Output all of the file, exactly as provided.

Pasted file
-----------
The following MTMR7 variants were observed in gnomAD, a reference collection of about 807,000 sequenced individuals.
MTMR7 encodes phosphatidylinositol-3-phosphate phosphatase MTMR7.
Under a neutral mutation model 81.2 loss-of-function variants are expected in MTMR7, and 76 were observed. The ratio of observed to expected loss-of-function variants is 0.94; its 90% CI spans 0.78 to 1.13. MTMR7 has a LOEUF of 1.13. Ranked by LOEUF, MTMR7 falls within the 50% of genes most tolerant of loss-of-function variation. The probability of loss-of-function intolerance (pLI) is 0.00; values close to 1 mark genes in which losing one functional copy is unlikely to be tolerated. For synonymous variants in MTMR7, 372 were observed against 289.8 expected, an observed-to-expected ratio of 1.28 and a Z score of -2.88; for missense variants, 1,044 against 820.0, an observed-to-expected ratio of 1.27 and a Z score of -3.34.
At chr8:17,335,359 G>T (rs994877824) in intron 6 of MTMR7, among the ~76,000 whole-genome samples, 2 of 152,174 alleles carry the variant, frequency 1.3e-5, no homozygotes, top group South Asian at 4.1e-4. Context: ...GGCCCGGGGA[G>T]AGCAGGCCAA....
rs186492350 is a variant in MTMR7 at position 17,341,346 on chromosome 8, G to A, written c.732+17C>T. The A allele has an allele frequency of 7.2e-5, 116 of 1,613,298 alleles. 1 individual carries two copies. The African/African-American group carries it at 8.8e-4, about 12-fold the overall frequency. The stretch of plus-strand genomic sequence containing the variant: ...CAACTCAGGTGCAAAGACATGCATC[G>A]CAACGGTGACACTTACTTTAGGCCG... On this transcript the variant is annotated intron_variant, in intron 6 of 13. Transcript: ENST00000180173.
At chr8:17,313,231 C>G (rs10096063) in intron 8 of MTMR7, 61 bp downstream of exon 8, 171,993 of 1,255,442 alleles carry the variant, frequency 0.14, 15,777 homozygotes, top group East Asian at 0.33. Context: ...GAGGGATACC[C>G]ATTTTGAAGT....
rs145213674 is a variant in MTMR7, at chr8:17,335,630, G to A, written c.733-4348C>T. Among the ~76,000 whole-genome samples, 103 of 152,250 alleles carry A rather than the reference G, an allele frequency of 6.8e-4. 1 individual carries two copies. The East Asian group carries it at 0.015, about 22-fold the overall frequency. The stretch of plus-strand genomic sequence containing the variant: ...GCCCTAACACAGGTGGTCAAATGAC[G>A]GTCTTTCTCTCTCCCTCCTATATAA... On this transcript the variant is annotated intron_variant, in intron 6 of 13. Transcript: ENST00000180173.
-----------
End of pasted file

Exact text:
The following MTMR7 variants were observed in gnomAD, a reference collection of about 807,000 sequenced individuals.
MTMR7 encodes phosphatidylinositol-3-phosphate phosphatase MTMR7.
Under a neutral mutation model 81.2 loss-of-function variants are expected in MTMR7, and 76 were observed. The ratio of observed to expected loss-of-function variants is 0.94; its 90% CI spans 0.78 to 1.13. MTMR7 has a LOEUF of 1.13. Ranked by LOEUF, MTMR7 falls within the 50% of genes most tolerant of loss-of-function variation. The probability of loss-of-function intolerance (pLI) is 0.00; values close to 1 mark genes in which losing one functional copy is unlikely to be tolerated. For synonymous variants in MTMR7, 372 were observed against 289.8 expected, an observed-to-expected ratio of 1.28 and a Z score of -2.88; for missense variants, 1,044 against 820.0, an observed-to-expected ratio of 1.27 and a Z score of -3.34.
At chr8:17,335,359 G>T (rs994877824) in intron 6 of MTMR7, among the ~76,000 whole-genome samples, 2 of 152,174 alleles carry the variant, frequency 1.3e-5, no homozygotes, top group South Asian at 4.1e-4. Context: ...GGCCCGGGGA[G>T]AGCAGGCCAA....
rs186492350 is a variant in MTMR7 at position 17,341,346 on chromosome 8, G to A, written c.732+17C>T. The A allele has an allele frequency of 7.2e-5, 116 of 1,613,298 alleles. 1 individual carries two copies. The African/African-American group carries it at 8.8e-4, about 12-fold the overall frequency. The stretch of plus-strand genomic sequence containing the variant: ...CAACTCAGGTGCAAAGACATGCATC[G>A]CAACGGTGACACTTACTTTAGGCCG... On this transcript the variant is annotated intron_variant, in intron 6 of 13. Transcript: ENST00000180173.
At chr8:17,313,231 C>G (rs10096063) in intron 8 of MTMR7, 61 bp downstream of exon 8, 171,993 of 1,255,442 alleles carry the variant, frequency 0.14, 15,777 homozygotes, top group East Asian at 0.33. Context: ...GAGGGATACC[C>G]ATTTTGAAGT....
rs145213674 is a variant in MTMR7, at chr8:17,335,630, G to A, written c.733-4348C>T. Among the ~76,000 whole-genome samples, 103 of 152,250 alleles carry A rather than the reference G, an allele frequency of 6.8e-4. 1 individual carries two copies. The East Asian group carries it at 0.015, about 22-fold the overall frequency. The stretch of plus-strand genomic sequence containing the variant: ...GCCCTAACACAGGTGGTCAAATGAC[G>A]GTCTTTCTCTCTCCCTCCTATATAA... On this transcript the variant is annotated intron_variant, in intron 6 of 13. Transcript: ENST00000180173.